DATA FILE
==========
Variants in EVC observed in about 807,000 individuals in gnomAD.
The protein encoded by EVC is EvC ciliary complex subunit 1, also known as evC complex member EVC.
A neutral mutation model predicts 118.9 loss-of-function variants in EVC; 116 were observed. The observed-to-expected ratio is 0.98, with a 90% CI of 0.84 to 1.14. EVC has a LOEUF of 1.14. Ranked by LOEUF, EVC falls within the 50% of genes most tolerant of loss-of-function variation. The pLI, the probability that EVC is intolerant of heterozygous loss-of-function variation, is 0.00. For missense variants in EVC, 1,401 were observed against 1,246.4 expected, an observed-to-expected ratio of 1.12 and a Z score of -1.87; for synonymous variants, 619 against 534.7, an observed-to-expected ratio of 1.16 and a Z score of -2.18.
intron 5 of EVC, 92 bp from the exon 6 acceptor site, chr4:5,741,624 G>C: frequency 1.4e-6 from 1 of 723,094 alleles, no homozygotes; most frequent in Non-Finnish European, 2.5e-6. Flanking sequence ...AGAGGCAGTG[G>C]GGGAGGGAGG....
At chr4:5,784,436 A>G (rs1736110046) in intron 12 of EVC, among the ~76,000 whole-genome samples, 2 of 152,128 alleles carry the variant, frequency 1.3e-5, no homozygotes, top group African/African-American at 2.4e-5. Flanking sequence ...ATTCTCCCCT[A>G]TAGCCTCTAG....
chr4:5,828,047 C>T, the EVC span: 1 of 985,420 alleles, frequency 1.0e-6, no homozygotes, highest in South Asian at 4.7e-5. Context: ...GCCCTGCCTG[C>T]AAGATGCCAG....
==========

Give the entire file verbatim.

Variants in EVC observed in about 807,000 individuals in gnomAD.
The protein encoded by EVC is EvC ciliary complex subunit 1, also known as evC complex member EVC.
A neutral mutation model predicts 118.9 loss-of-function variants in EVC; 116 were observed. The observed-to-expected ratio is 0.98, with a 90% CI of 0.84 to 1.14. EVC has a LOEUF of 1.14. Ranked by LOEUF, EVC falls within the 50% of genes most tolerant of loss-of-function variation. The pLI, the probability that EVC is intolerant of heterozygous loss-of-function variation, is 0.00. For missense variants in EVC, 1,401 were observed against 1,246.4 expected, an observed-to-expected ratio of 1.12 and a Z score of -1.87; for synonymous variants, 619 against 534.7, an observed-to-expected ratio of 1.16 and a Z score of -2.18.
intron 5 of EVC, 92 bp from the exon 6 acceptor site, chr4:5,741,624 G>C: frequency 1.4e-6 from 1 of 723,094 alleles, no homozygotes; most frequent in Non-Finnish European, 2.5e-6. Flanking sequence ...AGAGGCAGTG[G>C]GGGAGGGAGG....
At chr4:5,784,436 A>G (rs1736110046) in intron 12 of EVC, among the ~76,000 whole-genome samples, 2 of 152,128 alleles carry the variant, frequency 1.3e-5, no homozygotes, top group African/African-American at 2.4e-5. Flanking sequence ...ATTCTCCCCT[A>G]TAGCCTCTAG....
chr4:5,828,047 C>T, the EVC span: 1 of 985,420 alleles, frequency 1.0e-6, no homozygotes, highest in South Asian at 4.7e-5. Context: ...GCCCTGCCTG[C>T]AAGATGCCAG....